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The Professional Institute of the Public Service of Canada > News & Events > Communications Magazine > Vol. 36, No. 4, Autumn 2010 > Evidence vs. Ideology in Public Policy
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Evidence vs. Ideology in Public Policy

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On November 4, 2010, on Parliament Hill, MPs, journalists, and stakeholders gathered to discuss the roles that evidence and ideology play in the formation of public policy. This forum, entitled “Evidence vs. Ideology in Canadian Public Policy”, was hosted by Professionals Serving Canadians, a joint partnership of the Professional Institute, the Association of Canadian Financial Officers (ACFO), and the Canadian Association of Professional Employees (CAPE).

The distinguished panel was composed of Lawrence Martin, Ottawa-based public affairs columnist for the Globe and Mail and a leading biographer and author of Harperland; Armine Yalnizyan, senior economist for the Canadian Centre for Policy Alternatives; and Dan Gardner, award-winning journalist and author of Risk: The Science and Politics of Fear and Future Babble: Why Expert Predictions Fail – and Why We Believe Them Anyway.

Evidence and ideology are at opposite poles of an increasingly vocal debate on the future of Canada’s public institutions, the development of national policies, and the role that the federal government plays, or should be playing, in the economy and in the country’s social fabric.

Consider the matters of integrity and transparency in the development of Canada’s public science policies and capabilities. Are ideology and secrecy gaining the upper hand over science and evidence-based policy making? Events over the past few years illustrate the extent to which media and public access to federal scientists has become politicized. This has led to a disturbing inability to effectively communicate important scientific news to Canadians through the mainstream media. Yet indirectly, all Canadians ultimately rely on accurate and timely scientific information in order to develop knowledgeable opinions and to make well-informed decisions about everyday topics such as the products we buy, the foods we eat, even our travel plans.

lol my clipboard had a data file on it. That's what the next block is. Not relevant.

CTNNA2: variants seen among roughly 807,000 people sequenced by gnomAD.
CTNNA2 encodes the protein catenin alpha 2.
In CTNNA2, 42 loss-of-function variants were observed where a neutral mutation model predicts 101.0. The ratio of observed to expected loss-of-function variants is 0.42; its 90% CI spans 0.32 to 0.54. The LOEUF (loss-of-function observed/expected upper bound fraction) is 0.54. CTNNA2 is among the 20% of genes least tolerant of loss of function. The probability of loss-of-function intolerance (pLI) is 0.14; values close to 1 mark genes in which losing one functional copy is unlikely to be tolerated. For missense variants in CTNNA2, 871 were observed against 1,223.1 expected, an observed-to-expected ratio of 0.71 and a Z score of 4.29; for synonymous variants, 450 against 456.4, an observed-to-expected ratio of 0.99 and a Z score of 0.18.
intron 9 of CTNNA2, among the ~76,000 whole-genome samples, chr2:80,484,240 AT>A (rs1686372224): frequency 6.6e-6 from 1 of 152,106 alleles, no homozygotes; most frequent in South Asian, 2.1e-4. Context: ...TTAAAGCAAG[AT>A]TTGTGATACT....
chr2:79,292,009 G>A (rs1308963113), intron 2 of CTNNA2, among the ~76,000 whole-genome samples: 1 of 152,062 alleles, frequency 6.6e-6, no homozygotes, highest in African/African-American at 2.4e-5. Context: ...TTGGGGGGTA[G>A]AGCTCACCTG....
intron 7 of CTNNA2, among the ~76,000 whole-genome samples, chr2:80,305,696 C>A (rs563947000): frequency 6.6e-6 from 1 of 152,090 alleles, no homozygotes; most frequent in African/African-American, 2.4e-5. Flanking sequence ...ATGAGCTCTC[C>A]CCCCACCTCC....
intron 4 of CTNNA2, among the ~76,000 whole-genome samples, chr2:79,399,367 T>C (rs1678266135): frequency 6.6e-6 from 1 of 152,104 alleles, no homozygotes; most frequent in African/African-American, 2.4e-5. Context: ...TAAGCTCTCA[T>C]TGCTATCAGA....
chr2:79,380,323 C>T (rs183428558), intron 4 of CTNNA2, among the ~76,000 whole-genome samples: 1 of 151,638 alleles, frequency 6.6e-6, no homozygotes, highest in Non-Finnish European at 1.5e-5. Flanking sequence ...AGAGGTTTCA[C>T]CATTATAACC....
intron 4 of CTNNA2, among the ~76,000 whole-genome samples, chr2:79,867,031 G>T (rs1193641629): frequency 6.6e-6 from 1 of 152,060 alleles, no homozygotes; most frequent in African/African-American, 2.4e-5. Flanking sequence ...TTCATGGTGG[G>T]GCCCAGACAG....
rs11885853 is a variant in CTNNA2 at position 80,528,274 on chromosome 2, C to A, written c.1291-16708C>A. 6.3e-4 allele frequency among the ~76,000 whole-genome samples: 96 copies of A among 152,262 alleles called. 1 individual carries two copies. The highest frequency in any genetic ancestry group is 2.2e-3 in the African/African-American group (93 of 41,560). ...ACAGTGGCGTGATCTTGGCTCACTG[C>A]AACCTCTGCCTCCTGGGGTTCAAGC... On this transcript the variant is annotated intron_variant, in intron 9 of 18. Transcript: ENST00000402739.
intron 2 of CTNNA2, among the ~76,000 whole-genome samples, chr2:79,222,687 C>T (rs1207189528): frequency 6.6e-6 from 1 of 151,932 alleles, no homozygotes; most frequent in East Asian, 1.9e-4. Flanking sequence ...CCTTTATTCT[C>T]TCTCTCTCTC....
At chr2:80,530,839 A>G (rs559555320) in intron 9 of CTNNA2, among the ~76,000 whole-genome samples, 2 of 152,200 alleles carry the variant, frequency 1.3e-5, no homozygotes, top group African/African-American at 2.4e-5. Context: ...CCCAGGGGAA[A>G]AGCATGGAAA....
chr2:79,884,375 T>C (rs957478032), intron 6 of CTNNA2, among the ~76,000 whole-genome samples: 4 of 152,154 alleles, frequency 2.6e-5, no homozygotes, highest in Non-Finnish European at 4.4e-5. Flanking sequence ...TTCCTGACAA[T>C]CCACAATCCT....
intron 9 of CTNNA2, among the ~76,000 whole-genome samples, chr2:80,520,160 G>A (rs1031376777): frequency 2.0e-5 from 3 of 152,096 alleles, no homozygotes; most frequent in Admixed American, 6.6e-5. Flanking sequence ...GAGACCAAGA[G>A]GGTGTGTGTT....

From the Institute’s perspective, policy-making rooted in facts seems disturbingly out of favour on Parliament Hill these days, as this summer’s census affair so clearly illustrates. We have witnessed the resignation or dismissal of well-respected senior public service employees whose professional analysis and opinions differed from the government’s agenda. We have seen the results of a troubling and apparently ideologically-based approach to reduced industry regulation and oversight and its impact on Canadians’ health and on the environment. Legitimate questions are being raised about the consequences of repeated cuts to Canada’s public service on our nation’s fragile economic recovery and future prosperity.

As Canadians look at some of the key issues that revolve around the ongoing evidence vs. ideology-based discussion, it becomes clear that the outcome of this debate lies at the core of what kind of country we want to build in the years ahead. Canadians need a knowledge-based public service and legislators who respect and value the input of public service professionals in policy-making for the benefit of all Canadians.

Evidence vs. Ideology panel
Eddie Gillis, moderator and Institute Chief Operating Officer; Dan Gardner, journalist and author; Armine Yalnizyan, senior economist, Canadian Centre for Policy Alternatives; and Lawrence Martin, author and Globe and Mail columnist.
Union Presidents
Claude Poirier, President of the Canadian Association of Professional Employees (CAPE); Gary Corbett, President, PIPSC; and Milt Isaacs, President, Association of Canadian Financial Officers (ACFO).